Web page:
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Picture this: You’re driving home from the casino and you’ve absolutely cleaned up – to the tune of $50,000. You see a police car pull up behind you, but you can’t figure out why. Not only have you not broken any laws, you’re not even speeding. But the police officer doesn’t appear to be interested in charging you with a crime. Instead, he takes your gambling winnings, warns you not to say anything to anyone unless you want to be charged as a drug kingpin, then drives off into the sunset.
This actually happened to Tan Nguyen, and his story is far from unique. It’s called civil asset forfeiture and it’s a multi-billion dollar piggybank for state, local, and federal police departments to fund all sorts of pet projects.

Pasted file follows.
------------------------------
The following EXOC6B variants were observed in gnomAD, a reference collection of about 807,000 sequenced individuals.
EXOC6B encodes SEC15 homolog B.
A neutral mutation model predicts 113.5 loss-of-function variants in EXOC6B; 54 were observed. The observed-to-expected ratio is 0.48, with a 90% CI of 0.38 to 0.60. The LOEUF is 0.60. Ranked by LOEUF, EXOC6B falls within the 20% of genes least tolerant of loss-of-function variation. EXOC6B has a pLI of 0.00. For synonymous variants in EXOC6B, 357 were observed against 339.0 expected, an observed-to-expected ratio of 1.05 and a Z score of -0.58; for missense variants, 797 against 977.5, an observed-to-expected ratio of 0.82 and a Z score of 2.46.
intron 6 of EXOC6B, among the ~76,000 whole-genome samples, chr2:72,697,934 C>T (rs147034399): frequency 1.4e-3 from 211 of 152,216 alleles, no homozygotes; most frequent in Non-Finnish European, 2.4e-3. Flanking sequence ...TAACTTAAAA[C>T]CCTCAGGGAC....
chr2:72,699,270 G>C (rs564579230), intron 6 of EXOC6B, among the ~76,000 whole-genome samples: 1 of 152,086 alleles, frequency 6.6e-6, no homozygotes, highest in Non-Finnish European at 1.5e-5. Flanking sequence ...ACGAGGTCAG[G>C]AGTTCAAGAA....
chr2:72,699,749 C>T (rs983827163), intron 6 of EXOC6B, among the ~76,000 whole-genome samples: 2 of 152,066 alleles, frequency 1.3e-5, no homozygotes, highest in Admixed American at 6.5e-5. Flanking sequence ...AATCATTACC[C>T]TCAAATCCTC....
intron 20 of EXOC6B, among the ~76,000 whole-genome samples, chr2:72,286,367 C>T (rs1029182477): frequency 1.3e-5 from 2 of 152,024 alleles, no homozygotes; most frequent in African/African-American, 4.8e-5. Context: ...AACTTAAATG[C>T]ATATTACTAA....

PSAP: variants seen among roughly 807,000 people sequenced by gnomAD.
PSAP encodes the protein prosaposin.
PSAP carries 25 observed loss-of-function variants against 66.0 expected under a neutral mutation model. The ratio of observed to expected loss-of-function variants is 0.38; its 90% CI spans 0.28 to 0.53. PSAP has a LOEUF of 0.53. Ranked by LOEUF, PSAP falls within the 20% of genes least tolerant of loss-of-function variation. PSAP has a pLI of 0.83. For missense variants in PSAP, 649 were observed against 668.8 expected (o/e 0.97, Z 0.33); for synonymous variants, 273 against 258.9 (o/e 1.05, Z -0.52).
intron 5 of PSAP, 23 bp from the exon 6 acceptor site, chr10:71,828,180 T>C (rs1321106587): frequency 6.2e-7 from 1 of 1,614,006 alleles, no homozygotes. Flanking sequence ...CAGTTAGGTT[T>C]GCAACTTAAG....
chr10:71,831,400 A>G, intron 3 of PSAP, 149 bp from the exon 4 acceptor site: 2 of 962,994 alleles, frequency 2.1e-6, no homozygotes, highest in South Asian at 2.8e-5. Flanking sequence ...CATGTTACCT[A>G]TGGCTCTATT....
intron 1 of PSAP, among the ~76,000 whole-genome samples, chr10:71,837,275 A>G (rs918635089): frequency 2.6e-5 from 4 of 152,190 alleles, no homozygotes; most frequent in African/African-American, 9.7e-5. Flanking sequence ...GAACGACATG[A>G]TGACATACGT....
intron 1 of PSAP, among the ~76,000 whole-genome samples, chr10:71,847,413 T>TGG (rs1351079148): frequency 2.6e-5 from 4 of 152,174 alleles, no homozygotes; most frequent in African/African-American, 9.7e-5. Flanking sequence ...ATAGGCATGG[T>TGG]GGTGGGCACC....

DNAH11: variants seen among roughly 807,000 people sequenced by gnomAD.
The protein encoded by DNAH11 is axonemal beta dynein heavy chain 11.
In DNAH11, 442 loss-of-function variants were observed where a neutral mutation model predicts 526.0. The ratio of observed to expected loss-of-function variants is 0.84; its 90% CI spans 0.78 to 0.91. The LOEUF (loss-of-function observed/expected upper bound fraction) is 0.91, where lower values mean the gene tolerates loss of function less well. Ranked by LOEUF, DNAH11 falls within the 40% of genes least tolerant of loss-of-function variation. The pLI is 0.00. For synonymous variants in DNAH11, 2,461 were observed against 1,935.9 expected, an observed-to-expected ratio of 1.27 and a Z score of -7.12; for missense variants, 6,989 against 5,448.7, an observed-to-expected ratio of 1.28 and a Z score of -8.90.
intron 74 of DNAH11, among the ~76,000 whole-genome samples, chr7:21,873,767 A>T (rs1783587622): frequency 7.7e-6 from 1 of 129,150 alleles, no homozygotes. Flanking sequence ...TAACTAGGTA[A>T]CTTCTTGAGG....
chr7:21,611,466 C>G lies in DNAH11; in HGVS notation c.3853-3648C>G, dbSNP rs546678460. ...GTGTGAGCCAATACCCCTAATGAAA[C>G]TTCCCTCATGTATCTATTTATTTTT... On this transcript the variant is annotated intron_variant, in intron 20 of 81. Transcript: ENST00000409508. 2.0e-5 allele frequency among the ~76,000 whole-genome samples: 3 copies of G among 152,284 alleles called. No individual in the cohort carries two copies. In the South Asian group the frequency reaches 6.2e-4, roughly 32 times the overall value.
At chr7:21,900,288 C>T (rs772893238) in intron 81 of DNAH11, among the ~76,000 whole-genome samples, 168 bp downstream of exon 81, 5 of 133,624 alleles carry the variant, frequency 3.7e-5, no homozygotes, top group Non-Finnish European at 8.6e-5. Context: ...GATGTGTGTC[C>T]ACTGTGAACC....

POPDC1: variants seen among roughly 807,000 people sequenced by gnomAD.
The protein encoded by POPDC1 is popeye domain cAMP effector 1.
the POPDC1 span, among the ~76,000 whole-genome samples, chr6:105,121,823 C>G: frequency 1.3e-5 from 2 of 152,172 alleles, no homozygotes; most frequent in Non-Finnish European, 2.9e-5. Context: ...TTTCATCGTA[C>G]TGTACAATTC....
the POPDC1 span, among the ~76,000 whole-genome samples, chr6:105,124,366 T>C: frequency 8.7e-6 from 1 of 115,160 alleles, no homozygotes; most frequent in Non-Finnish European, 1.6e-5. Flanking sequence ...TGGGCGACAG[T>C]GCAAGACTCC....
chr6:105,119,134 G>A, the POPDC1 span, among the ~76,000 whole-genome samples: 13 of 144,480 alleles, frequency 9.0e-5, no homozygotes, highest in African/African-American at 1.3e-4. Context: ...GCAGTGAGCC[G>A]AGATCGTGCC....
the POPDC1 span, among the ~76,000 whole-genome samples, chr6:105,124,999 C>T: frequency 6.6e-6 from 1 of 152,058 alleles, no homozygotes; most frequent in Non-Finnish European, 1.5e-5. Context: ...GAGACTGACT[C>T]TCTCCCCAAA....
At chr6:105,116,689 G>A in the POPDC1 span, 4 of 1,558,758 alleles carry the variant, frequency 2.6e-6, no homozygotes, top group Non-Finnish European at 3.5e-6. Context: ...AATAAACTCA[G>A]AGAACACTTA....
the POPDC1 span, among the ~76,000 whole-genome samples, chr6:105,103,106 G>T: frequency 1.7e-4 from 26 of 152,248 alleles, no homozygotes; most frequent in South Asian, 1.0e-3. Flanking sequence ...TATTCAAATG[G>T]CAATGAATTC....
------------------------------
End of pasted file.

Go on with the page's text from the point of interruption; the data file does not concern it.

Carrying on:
With its origins in the British fight against piracy on the open seas, civil asset forfeiture is nothing new. During Prohibition, police officers often seized goods, cash, and equipment from bootleggers in a similar manner to today. However, contemporary civil asset forfeiture begins right where you’d think that it would: The War on Drugs.